Harold Cazneaux Sydney Bridge c1934
From approximately 1920 to 1970
Modernism sought to build a better future in
the aftermath of World War I.
As an international movement, modernism
encapsulated the possibilities of the 20th
century. It celebrated the romance of cities, the
healthy body and the ideals of abstraction and
functionalism in design.
Modernist Photography is not simply a style but
more of an attitude, a determination to break
with the past and free the artist from the rules
of convention and etiquette.
To better understand the Modernist approach to photography…
Let’s first look at examples of modernist
abstract art from around the world.
Artists such as:
• Piet Mondrian
• Wassily Kandinsky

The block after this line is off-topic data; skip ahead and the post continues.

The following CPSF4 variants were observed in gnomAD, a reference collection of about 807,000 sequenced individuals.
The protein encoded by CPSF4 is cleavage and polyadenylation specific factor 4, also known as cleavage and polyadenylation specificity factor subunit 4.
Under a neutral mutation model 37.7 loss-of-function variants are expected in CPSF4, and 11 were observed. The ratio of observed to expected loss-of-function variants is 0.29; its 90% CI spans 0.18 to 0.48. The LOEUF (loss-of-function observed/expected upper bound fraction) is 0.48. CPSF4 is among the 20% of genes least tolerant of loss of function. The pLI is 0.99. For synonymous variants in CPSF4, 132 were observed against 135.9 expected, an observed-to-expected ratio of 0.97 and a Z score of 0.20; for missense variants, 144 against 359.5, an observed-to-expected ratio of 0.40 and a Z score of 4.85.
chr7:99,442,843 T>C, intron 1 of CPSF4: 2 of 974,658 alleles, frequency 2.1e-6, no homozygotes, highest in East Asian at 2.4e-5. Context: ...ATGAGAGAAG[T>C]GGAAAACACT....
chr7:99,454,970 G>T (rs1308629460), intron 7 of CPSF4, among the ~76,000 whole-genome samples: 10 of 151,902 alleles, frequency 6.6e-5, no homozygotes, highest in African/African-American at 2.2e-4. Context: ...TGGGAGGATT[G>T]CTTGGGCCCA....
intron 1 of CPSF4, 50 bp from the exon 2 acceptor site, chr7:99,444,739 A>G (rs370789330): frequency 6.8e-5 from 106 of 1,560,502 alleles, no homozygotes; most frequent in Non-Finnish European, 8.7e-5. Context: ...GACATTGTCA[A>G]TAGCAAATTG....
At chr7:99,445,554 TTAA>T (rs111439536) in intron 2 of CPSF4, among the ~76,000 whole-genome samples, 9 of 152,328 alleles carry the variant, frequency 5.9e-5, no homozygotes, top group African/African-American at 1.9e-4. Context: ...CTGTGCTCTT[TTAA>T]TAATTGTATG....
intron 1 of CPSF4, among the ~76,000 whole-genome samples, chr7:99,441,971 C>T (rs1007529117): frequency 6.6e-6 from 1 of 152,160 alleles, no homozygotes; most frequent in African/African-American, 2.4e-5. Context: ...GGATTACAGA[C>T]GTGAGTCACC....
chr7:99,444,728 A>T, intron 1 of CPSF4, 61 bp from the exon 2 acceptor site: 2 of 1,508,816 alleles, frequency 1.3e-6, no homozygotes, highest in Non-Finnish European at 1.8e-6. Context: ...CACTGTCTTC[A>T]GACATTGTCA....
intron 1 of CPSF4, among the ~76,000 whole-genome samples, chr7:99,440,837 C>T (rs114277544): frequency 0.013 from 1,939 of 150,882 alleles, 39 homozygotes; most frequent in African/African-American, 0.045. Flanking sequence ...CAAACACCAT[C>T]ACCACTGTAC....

• Kasmir Malevich
• Vladimir Tatlin
• Robert Delaunay
Le manege de cochons
Óleo sobre lienzo
250 x 250 cm
Musee National d'Art Moderne, Centre Georges Pompidou, París
Composition IV 1911 (170 Kb); Oil on canvas, 159.5 x 250.5 cm (62 7/8 x 98 5/8 in); Kunstsammlung Nordrhein-Westfallen, Dusseldorf
An Englishman in Moscow
Oil on canvas, 88 x 57 cm
Stedelijk Museum, Amsterdam
Tatlin’s Tower or The Monument to the Third
International was a grand monumental
building envisioned by the Russian artist.
Life with Gingerpot 2, 1912, oil on canvas.
Modernism in Australia
Roland Wakelin, New Zealand/Australia 1887-1971
The Bridge under construction 1928 -29
Oil on composition board
Grace Cossington Smith
The Bridge in-curve, 1930
Tempera on Cardboard
The curve of the bridge, 1928-29
Oil on Cardboard
• After World War 1, the photographic scene in
Australia was shaped by modernist influences
from abroad (Europe and later America).
• The world was changing.
• The goal was to express a
modern life, a modern city.
Max Dupain, Building the Opera House, Sydney 1962
Morning Rush Hour, Sydney Harbour Bridge, 1938